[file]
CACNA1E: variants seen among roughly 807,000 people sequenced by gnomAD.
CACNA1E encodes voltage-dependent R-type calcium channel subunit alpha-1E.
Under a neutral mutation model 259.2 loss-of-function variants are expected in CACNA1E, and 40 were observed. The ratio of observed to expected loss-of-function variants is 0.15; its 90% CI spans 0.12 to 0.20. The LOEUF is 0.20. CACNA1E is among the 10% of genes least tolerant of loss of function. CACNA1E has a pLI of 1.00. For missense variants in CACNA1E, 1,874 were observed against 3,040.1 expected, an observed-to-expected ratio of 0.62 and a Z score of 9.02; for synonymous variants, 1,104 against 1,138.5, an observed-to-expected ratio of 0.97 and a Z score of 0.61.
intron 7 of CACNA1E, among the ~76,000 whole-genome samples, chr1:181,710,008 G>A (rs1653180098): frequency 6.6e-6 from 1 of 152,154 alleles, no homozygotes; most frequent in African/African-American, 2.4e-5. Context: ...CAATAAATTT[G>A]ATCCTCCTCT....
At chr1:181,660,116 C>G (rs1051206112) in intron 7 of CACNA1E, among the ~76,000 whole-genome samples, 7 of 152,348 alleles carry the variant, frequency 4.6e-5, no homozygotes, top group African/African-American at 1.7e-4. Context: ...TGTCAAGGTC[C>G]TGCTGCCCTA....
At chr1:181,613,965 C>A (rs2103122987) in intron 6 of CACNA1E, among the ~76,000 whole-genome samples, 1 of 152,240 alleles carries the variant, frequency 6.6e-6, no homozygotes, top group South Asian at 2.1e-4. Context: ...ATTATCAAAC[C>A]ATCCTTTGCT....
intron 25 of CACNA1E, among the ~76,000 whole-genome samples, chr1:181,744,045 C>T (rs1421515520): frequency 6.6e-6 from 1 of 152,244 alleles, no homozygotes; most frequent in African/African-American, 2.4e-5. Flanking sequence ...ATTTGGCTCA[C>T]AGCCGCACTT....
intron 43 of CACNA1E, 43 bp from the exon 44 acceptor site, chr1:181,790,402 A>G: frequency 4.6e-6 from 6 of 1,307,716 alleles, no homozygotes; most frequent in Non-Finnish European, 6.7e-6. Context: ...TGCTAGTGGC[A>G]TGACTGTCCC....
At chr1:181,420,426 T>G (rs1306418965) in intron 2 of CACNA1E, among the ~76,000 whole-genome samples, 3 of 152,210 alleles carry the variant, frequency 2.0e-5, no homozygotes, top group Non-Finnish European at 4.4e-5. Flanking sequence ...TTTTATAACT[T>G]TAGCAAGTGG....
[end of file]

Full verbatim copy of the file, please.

CACNA1E: variants seen among roughly 807,000 people sequenced by gnomAD.
CACNA1E encodes voltage-dependent R-type calcium channel subunit alpha-1E.
Under a neutral mutation model 259.2 loss-of-function variants are expected in CACNA1E, and 40 were observed. The ratio of observed to expected loss-of-function variants is 0.15; its 90% CI spans 0.12 to 0.20. The LOEUF is 0.20. CACNA1E is among the 10% of genes least tolerant of loss of function. CACNA1E has a pLI of 1.00. For missense variants in CACNA1E, 1,874 were observed against 3,040.1 expected, an observed-to-expected ratio of 0.62 and a Z score of 9.02; for synonymous variants, 1,104 against 1,138.5, an observed-to-expected ratio of 0.97 and a Z score of 0.61.
intron 7 of CACNA1E, among the ~76,000 whole-genome samples, chr1:181,710,008 G>A (rs1653180098): frequency 6.6e-6 from 1 of 152,154 alleles, no homozygotes; most frequent in African/African-American, 2.4e-5. Context: ...CAATAAATTT[G>A]ATCCTCCTCT....
At chr1:181,660,116 C>G (rs1051206112) in intron 7 of CACNA1E, among the ~76,000 whole-genome samples, 7 of 152,348 alleles carry the variant, frequency 4.6e-5, no homozygotes, top group African/African-American at 1.7e-4. Context: ...TGTCAAGGTC[C>G]TGCTGCCCTA....
At chr1:181,613,965 C>A (rs2103122987) in intron 6 of CACNA1E, among the ~76,000 whole-genome samples, 1 of 152,240 alleles carries the variant, frequency 6.6e-6, no homozygotes, top group South Asian at 2.1e-4. Context: ...ATTATCAAAC[C>A]ATCCTTTGCT....
intron 25 of CACNA1E, among the ~76,000 whole-genome samples, chr1:181,744,045 C>T (rs1421515520): frequency 6.6e-6 from 1 of 152,244 alleles, no homozygotes; most frequent in African/African-American, 2.4e-5. Flanking sequence ...ATTTGGCTCA[C>T]AGCCGCACTT....
intron 43 of CACNA1E, 43 bp from the exon 44 acceptor site, chr1:181,790,402 A>G: frequency 4.6e-6 from 6 of 1,307,716 alleles, no homozygotes; most frequent in Non-Finnish European, 6.7e-6. Context: ...TGCTAGTGGC[A>G]TGACTGTCCC....
At chr1:181,420,426 T>G (rs1306418965) in intron 2 of CACNA1E, among the ~76,000 whole-genome samples, 3 of 152,210 alleles carry the variant, frequency 2.0e-5, no homozygotes, top group Non-Finnish European at 4.4e-5. Flanking sequence ...TTTTATAACT[T>G]TAGCAAGTGG....